Circular Board Founder Carolyn Rodz Puts New Spin on the Accelerator

 
Circular Board Founder Carolyn Rodz Puts New Spin on the Accelerator
 

Houston—There is a lot of discussion in the startup world about how to better support women entrepreneurs. Carolyn Rodz decided to tackle one aspect of it: the accelerator.

“We wanted to take best practices from accelerators like Techstars and Y Combinator, and build something that is for women,” says Rodz, who launched the Circular Board last year.

For example, she says, traditional demo days emphasize a one-way communication, whereas women benefit more from pitches that solicit feedback. “Conversations are more effective for women,” she says.

So far, Circular Board has hosted three classes—the fourth kicks off next month—that together had about 170 companies in healthcare, energy, food and beverage, fintech, consumer goods, and other industries. Like other accelerators, the for-profit Circular Board hosts a 12-week program with online seminars on topics such as fundraising, going through a re-branding, and making key hires.

Circular Board’s key difference is that it’s all done online. “The idea is how do we start to build a resource for women entrepreneurs who are outside of these startup hubs,” Rodz says. “If this didn’t exist in Houston, imagine what’s [not] happening all across the US and around the world.”

Another thing that distinguishes Circular Board from traditional accelerators is that it charges its cohort companies a registration fee of $ 1,200. But Rodz says she plans to start investing in portfolio companies by the end of this year.

The roster of mentors Rodz has recruited to the Circular Board include successful women such as Donna Orender, former president of the WNBA; Jane Wurwand, co-founder of Dermalogica (which was sold to Unilever); and Station Houston co-founder Emily Keeton. (There are a few men in the ranks, too.)

“They can talk about all aspects of entrepreneurship from launch to exit,” Rodz says. “These women have been there, and they recognize the obstacles that entrepreneurs face.”

Prior to founding Circular Board, Rodz ran her own marketing technology firm and was an investment banker at JPMorgan.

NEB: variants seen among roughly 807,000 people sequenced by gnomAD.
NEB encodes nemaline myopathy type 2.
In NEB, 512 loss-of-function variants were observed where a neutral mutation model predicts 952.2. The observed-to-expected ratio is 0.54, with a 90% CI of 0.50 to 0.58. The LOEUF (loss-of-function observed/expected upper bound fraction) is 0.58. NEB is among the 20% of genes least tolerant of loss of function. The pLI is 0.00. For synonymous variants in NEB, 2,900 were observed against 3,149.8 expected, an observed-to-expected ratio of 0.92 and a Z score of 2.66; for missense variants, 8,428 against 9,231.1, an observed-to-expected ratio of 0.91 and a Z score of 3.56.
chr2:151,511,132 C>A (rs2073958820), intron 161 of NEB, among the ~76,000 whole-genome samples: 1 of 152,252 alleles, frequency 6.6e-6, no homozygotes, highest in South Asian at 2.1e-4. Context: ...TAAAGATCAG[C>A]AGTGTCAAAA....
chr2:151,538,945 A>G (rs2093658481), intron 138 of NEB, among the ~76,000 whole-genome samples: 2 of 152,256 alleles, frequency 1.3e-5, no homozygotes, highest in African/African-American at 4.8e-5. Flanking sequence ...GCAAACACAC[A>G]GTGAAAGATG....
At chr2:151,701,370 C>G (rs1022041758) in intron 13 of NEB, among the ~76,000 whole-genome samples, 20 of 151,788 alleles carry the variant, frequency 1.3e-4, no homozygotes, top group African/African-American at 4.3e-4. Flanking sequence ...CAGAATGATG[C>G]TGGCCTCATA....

Here is an edited version of our recent phone conversation:

Xconomy: There are a lot of efforts and talk around boosting women entrepreneurs. What made you do this?

Carolyn Rodz: There is a lot of conversation happening now; there wasn’t when we first conceived of the idea. As we started digging into online learning and understanding the science of learning, talking to entrepreneurs who have succeeded and failed, we noticed that the experience was very different for women and men. We wondered, ‘What would an accelerator look like if it were built only for women?’ Right now everything that exists was almost 100 percent conceived of and created by men, and naturally caters toward the way men operate.

One of the things that we’ve learned, and research shows, is that women are very collaborative in the way we learn and communicate. We gain confidence in working with others; women really thrive when they’re talking about their concepts, bouncing ideas across companies. We’re also great promoters of others.

X: What research did you do to figure out what women want in an accelerator program?

CR: A lot of reading and lot of anecdotal evidence. There was lot of trial and error; we’ve been iterating with every class with the things that we’ve learned to understand why they succeeded or failed. The biggest things for entrepreneurs in general are access to mentors, and a mentor community that they can relate to. That means having a large pool of female mentors for female entrepreneurs.

The other thing is access to capital and helping entrepreneurs engage with an investor community that understands their business models, [and having] VC firms with female partners or male partners that understand the female market.

We’re really trying to represent the more marginalized entrepreneur demographic. If you live in the Bay Area, you are exposed to the great resources in Silicon Valley. That’s wonderful, but there’s a lot happening outside of that. We’re trying to be that connector: Here is how you need to be thinking about scaling your company, what it means to raise capital, and how to seek investor relationships. Let us help connect the dots and integrate you into the ecosystem.

X: Tell me about the accelerator and the program. How many startups are involved? What do they do?

CR: Our 12 week cohort is divided into groups of 10 circles. Each week, they go through a topic of focus, some online content they are reviewing, strategic blueprints of how they need to be thinking. We have group calls; they talk to their group of 10 on topics such as what they’ve achieved over the past week, what they’re focusing on going forward, metrics they’re tracking, and how they can utilize the resources of the group to move their company forward.

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